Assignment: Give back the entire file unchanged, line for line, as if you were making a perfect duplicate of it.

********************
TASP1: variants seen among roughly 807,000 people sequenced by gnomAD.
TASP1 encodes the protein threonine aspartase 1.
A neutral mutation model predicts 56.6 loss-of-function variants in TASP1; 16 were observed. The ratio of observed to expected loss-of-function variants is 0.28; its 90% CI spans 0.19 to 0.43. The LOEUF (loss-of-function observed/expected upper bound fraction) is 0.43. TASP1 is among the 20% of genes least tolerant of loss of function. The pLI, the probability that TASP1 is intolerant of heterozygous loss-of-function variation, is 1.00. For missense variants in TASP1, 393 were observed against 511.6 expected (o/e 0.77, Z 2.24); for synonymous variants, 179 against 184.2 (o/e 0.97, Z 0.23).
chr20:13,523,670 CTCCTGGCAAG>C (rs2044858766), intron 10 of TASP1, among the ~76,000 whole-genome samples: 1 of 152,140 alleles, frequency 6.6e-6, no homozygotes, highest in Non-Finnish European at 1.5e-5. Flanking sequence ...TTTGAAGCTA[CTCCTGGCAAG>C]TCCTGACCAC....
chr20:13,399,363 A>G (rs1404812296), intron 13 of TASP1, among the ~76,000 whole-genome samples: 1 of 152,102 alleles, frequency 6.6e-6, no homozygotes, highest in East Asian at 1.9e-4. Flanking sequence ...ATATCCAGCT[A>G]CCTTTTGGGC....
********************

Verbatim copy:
TASP1: variants seen among roughly 807,000 people sequenced by gnomAD.
TASP1 encodes the protein threonine aspartase 1.
A neutral mutation model predicts 56.6 loss-of-function variants in TASP1; 16 were observed. The ratio of observed to expected loss-of-function variants is 0.28; its 90% CI spans 0.19 to 0.43. The LOEUF (loss-of-function observed/expected upper bound fraction) is 0.43. TASP1 is among the 20% of genes least tolerant of loss of function. The pLI, the probability that TASP1 is intolerant of heterozygous loss-of-function variation, is 1.00. For missense variants in TASP1, 393 were observed against 511.6 expected (o/e 0.77, Z 2.24); for synonymous variants, 179 against 184.2 (o/e 0.97, Z 0.23).
chr20:13,523,670 CTCCTGGCAAG>C (rs2044858766), intron 10 of TASP1, among the ~76,000 whole-genome samples: 1 of 152,140 alleles, frequency 6.6e-6, no homozygotes, highest in Non-Finnish European at 1.5e-5. Flanking sequence ...TTTGAAGCTA[CTCCTGGCAAG>C]TCCTGACCAC....
chr20:13,399,363 A>G (rs1404812296), intron 13 of TASP1, among the ~76,000 whole-genome samples: 1 of 152,102 alleles, frequency 6.6e-6, no homozygotes, highest in East Asian at 1.9e-4. Flanking sequence ...ATATCCAGCT[A>G]CCTTTTGGGC....